School leaders recognised for outstanding performance

by Brett Henebery28 Mar 2017


A small handful of teachers from across the three education sectors have been awarded a $45,000 fellowship for educational excellence, as part of the 2017 Commonwealth Bank Teaching Awards.

The awards, launched in 2016, recognise and reward great teachers and principals – especially those working in challenging and socially-diverse communities. 

Applications were assessed against five criteria: transforming learning outcomes, collaborating and sharing knowledge, engaging with the community, applying technology in teaching and possessing the attributes of a Teaching Fellow.

From 443 teachers and principals assessed, just 12 made the cut, and were awarded the fellowship, which includes:

•    $10,000 for the recipient’s professional development;
•    $5,000 for participation in a 12-month fellowship program that includes a study tour to Singapore and 
•    $30,000 to fund a project in their school to improve student achievement and well-being. 

In a statement, Ian Narev, chief executive officer of Commonwealth Bank, said the bank is committed to helping teachers “increase the impact of their exceptional work”.

Rosemary Conn, chief executive officer of Schools Plus – a partner in the awards –said they show the organisation’s appreciation for the work they do and “shine a light on the exceptional teaching that makes the greatest difference to students and the community”.
 
“These 12 outstanding educators go to inspiring lengths to provide the sort of teaching that opens up new possibilities for their students, regardless of their backgrounds,” she said.

One of the winners, Belinda Wall, principal of Woonona High School in NSW, told The Educator that the cornerstones of effective teaching are “deep knowledge paired with rich and engaging task design and formative assessment”.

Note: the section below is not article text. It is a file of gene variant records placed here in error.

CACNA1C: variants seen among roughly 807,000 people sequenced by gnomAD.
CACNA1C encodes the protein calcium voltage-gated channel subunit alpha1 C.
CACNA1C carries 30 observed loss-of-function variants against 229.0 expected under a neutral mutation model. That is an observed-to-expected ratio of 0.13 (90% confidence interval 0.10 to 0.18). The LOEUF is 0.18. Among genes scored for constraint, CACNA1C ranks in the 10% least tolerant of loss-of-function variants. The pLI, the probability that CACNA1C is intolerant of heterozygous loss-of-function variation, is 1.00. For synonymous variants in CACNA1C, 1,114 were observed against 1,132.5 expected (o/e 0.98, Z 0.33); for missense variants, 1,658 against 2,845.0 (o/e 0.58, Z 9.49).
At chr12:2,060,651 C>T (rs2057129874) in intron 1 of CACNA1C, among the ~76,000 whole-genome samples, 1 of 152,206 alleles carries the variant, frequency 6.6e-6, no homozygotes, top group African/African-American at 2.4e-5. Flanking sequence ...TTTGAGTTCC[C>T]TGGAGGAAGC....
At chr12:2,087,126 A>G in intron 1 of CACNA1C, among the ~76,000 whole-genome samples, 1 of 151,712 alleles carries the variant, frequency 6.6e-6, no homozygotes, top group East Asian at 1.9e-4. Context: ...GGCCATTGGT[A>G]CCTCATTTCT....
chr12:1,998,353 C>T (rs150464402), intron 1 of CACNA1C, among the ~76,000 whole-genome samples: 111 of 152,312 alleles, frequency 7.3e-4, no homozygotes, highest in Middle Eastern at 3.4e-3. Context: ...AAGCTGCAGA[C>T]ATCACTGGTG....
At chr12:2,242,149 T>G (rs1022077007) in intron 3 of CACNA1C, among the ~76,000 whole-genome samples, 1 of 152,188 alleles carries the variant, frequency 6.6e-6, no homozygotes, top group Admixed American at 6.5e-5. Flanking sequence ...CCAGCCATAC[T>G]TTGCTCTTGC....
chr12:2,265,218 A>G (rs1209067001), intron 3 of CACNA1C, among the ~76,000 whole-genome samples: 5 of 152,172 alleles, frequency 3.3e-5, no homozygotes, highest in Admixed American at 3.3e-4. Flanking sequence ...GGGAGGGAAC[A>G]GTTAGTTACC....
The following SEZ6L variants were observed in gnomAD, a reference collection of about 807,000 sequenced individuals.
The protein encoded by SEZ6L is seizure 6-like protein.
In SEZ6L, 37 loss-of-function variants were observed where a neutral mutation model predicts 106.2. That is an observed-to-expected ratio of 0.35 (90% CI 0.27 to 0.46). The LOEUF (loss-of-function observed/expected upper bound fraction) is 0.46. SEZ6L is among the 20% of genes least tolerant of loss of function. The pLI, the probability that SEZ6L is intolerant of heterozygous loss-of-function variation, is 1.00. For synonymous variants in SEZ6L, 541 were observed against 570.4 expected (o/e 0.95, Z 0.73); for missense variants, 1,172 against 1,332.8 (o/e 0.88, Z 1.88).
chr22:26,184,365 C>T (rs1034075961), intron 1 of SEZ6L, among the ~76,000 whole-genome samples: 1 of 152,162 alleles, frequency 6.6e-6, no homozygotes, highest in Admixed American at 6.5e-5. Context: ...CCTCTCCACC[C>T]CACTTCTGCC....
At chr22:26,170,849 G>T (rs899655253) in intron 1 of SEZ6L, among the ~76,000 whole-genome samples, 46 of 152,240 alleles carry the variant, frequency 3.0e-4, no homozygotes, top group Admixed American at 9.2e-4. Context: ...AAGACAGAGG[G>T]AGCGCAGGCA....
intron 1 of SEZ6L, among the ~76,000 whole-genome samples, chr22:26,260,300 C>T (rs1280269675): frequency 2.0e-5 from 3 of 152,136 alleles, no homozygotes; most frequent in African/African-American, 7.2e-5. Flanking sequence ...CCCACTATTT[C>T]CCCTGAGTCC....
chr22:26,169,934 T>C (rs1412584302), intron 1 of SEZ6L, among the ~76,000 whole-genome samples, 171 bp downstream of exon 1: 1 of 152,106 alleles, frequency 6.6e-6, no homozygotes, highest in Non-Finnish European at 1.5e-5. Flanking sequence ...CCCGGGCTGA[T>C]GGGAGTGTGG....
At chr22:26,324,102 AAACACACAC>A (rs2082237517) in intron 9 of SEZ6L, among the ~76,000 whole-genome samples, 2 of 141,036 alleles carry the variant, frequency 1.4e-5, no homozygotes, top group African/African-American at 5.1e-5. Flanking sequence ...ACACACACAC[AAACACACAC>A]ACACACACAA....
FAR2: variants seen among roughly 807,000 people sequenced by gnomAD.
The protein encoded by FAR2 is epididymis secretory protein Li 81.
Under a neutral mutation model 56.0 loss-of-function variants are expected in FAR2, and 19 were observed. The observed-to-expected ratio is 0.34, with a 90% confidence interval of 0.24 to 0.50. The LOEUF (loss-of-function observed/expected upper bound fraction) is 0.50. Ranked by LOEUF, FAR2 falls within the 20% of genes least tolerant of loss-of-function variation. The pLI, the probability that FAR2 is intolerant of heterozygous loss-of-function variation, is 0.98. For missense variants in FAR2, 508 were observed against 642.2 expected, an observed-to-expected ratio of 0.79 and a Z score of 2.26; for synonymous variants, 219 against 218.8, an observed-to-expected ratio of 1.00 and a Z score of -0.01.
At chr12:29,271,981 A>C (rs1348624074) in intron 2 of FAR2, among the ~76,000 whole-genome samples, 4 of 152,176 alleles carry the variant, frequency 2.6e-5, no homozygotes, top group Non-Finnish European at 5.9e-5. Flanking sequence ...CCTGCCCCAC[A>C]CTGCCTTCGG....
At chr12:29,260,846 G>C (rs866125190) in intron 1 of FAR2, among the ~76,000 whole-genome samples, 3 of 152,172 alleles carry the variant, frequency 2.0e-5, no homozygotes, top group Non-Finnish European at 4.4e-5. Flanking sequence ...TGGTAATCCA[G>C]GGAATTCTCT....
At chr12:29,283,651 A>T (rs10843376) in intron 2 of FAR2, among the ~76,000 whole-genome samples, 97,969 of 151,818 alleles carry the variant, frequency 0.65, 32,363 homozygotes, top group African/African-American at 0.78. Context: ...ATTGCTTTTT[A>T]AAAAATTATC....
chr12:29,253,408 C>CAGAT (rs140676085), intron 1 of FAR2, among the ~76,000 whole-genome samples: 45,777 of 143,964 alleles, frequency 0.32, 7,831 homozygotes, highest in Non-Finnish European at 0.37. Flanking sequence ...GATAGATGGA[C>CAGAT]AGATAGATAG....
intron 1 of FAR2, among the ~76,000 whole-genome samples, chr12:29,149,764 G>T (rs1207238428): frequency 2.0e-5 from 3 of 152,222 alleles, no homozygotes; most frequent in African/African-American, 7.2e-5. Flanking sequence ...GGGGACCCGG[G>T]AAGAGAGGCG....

“[Equally important is] the provision of professional learning that supports teachers in engaging in best practice, innovative pedagogies and a shared vision for the school with best outcomes for students as the driver behind every decision,” she said.

“There must also be responsibility as opposed to accountability, a culture of high expectations with high support for students and teachers, celebrations of success, and a workplace that is collegial and collaborative.”



The 2017 Commonwealth Bank Teaching Award recipients are:

  • Sharyn Angel, Deputy Principal, Shailer Park State High School, QLD
  • Chad Bliss, Principal, Canobolas Rural Technology High School, NSW Shanti Clements, Principal, Beauty Point Public School, NSW
  • Leah Crockford, Principal, Berry Springs Primary School, NT
  • Michael Devine, Principal, Western Port Secondary College, VIC
  • Wilbur (Charlie) Klein, Teaching Principal, Tjuntjuntjara Remote Community School, WA
  • Sarah Matthews, Master Teacher, Brisbane Bayside State College, QLD
  • Lesley Mills, Principal, Tabulam Public School, NSW
  • Christine Roberts-Yates, Assistant Principal, Murray Bridge High School – Disability Unit, SA
  • Craig Skinner, Principal, Calista Primary School, WA
  • Belinda Wall, Principal, Woonona High School, NSW
  • Eddie Woo, Head Maths Teacher, Cherrybrook Technology High School, NSW


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